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The 'Scots Musical Museum' - Volume II, song 189, page 197 - 'A Rose bud by my early walk'

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Volume II, song 189, page 197 - 'A Rose bud by my early walk'

Introduction:
Verse 1:
'A rose bud by my early walk,
A down a corn inclosed bawk,
Sae gently bent its thorny stalk,
All on a dewy morning,
Ere twice the shades o' dawn are fled,
In a' its crimson glory spread,
And drooping rich the dewy head,
It scents the early morning.
'Ere twice the shades o' dawn are fled,
In a' its crimson glory spread,
And drooping rich the dewy head,
It scents the early morning.' A 'bawk' is a strip of untilled land.
Image Rights Holder:
National Library of Scotland
Ref:
2354
Project:
754:Scots Musical Museum
Material:
Book
Dimensions:
130 x 211 mm
What:
The 'Scots Musical Museum' - Volume II, song 189, page 197 - 'A Rose bud by my early walk'
Subject:
The 'Scots Musical Museum' is the most important of the numerous eighteenth- and nineteenth-century collections of Scottish song. When the engraver James Johnson started work on the second volume of his collection in 1787, he enlisted Robert Burns as contributor and editor. Burns enthusiastically collected songs from various sources, often expanding or revising them, whilst including much of his own work. The resulting combination of innovation and antiquarianism gives the work a feel of living tradition.
Who:
David Schiller (composer)
William Clarke (c. 1755-1820) (musical editor for Volume VI of the 'Scots Musical Museum')
Stephen Clarke (c. 1735-97) (musical editor)
James Johnson (c. 1750-1811) (printer / publisher / engraver / editor)
Robert Burns (1759-96) (song collector / composer / editor)
William Cruikshank (associated)
Jeany Cruikshank (subject)
When:
Between 1787 and 1803 (first publication of the 'Scots Musical Museum')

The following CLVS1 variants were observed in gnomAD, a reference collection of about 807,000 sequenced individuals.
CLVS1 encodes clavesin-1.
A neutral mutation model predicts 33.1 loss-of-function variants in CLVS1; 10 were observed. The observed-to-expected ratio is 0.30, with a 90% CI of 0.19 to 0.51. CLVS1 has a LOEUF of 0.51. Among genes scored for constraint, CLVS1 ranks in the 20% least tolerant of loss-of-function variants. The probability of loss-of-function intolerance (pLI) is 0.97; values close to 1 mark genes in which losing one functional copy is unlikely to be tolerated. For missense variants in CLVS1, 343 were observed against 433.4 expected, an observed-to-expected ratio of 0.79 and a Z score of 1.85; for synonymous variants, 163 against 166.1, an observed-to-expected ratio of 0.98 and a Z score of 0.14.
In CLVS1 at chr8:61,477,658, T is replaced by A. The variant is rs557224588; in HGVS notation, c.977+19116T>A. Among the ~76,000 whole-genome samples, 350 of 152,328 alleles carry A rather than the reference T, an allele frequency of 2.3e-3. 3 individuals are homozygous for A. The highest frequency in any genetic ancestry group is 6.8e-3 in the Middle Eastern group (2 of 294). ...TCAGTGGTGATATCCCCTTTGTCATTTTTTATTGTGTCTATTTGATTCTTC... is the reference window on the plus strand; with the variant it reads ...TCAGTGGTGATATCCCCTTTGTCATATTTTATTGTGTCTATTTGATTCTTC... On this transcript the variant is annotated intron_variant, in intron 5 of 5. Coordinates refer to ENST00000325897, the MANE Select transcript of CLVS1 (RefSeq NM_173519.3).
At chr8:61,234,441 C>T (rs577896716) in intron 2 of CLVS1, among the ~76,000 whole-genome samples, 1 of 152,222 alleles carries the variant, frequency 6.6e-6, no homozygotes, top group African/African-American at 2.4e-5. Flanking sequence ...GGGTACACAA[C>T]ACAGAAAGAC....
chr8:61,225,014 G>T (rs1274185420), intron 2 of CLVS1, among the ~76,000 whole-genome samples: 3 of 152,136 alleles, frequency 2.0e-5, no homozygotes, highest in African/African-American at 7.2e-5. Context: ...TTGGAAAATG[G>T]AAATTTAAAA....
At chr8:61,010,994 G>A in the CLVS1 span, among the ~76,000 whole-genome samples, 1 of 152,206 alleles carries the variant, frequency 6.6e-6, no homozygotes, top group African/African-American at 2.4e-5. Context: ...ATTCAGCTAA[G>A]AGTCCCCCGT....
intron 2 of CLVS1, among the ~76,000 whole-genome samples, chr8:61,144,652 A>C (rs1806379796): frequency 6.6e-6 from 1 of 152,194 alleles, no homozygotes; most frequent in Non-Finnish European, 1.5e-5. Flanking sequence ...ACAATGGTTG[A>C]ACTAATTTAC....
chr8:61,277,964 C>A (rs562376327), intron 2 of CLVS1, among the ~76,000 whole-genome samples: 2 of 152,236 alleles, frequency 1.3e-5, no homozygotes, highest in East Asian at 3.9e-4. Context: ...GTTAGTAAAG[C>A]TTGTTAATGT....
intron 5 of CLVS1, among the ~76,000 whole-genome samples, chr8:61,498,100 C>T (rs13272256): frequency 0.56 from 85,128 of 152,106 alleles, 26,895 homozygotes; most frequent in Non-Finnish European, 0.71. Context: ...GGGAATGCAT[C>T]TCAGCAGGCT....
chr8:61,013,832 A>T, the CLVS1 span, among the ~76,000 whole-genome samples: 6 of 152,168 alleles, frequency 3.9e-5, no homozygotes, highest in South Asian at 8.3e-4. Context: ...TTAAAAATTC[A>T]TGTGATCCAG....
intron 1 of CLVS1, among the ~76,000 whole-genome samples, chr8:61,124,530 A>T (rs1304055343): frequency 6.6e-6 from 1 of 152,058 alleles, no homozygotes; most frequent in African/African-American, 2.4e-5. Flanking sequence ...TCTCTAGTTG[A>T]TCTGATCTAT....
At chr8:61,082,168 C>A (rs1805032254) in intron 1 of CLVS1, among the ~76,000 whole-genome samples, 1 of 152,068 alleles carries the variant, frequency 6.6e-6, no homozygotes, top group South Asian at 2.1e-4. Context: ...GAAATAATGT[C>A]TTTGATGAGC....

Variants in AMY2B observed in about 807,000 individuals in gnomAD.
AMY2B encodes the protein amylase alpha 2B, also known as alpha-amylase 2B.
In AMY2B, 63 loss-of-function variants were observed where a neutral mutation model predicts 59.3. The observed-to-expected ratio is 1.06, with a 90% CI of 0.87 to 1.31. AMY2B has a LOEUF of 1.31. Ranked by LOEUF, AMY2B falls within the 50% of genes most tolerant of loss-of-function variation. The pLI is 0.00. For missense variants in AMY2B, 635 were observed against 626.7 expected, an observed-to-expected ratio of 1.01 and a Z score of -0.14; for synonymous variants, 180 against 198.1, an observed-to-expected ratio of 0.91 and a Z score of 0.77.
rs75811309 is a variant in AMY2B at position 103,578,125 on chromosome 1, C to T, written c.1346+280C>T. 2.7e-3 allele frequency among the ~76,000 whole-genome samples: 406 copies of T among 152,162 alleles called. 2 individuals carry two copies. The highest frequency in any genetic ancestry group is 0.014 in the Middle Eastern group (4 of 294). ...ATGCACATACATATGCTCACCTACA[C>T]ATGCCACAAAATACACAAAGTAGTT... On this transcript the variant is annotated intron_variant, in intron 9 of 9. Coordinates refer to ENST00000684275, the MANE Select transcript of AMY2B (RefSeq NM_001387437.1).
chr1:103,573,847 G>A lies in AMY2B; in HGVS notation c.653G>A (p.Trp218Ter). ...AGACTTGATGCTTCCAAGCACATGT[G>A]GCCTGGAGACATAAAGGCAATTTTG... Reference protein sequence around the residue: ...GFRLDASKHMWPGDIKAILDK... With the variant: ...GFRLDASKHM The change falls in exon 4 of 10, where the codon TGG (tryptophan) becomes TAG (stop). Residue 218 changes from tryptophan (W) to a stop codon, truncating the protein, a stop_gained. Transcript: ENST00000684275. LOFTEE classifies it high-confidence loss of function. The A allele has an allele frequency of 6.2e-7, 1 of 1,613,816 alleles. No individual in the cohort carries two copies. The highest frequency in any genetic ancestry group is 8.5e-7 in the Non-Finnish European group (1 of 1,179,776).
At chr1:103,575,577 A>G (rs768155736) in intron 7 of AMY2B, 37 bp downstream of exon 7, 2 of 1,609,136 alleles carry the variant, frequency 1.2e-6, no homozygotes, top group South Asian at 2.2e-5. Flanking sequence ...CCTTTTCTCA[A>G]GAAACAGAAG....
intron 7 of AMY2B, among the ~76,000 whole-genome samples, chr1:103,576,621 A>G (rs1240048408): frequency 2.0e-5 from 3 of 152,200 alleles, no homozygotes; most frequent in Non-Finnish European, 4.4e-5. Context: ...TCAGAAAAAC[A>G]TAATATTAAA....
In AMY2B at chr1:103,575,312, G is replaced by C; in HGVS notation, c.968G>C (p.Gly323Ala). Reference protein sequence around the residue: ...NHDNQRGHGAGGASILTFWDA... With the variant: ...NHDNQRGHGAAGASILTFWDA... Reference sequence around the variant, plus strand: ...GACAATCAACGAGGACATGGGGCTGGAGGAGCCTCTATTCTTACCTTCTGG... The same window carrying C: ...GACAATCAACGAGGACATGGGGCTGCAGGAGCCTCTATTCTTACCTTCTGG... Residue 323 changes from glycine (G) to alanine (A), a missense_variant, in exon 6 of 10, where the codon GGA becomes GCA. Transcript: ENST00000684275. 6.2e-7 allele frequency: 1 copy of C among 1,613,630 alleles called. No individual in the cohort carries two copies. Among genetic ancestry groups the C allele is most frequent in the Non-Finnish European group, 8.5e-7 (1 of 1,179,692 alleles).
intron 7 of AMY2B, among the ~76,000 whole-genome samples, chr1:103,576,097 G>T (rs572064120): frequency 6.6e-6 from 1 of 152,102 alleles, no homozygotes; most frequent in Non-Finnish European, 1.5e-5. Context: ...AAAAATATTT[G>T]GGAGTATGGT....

Where:
The National Library of Scotland, Edinburgh
Background:
The 'Scots Musical Museum' is the most important of the numerous eighteenth- and nineteenth-century collections of Scottish song. When the engraver James Johnson started work on the second volume of his collection in 1787, he enlisted Robert Burns as contributor and editor. Burns enthusiastically collected songs from various sources, often expanding or revising them, whilst including much of his own work. The resulting combination of innovation and antiquarianism gives the work a feel of living tradition.
Description:
It is believed that the composer of this melody was David Schiller. He was a schoolmaster at Irvine and an acquaintance of Burns. The lyrics themselves were written by Burns. He comments in his personal notes on the song, 'this song I composed on Miss Jeany Cruikshank, only child to my worthy friend Mr William Cruikshank.' Cruikshank was the Latin master at Edinburgh High School and Burns stayed briefly with the family. Jeany, their twelve year old daughter, inspired Burns to write three poems to her. It is recorded that she sang his songs beautifully and was skilled enough to accompany herself.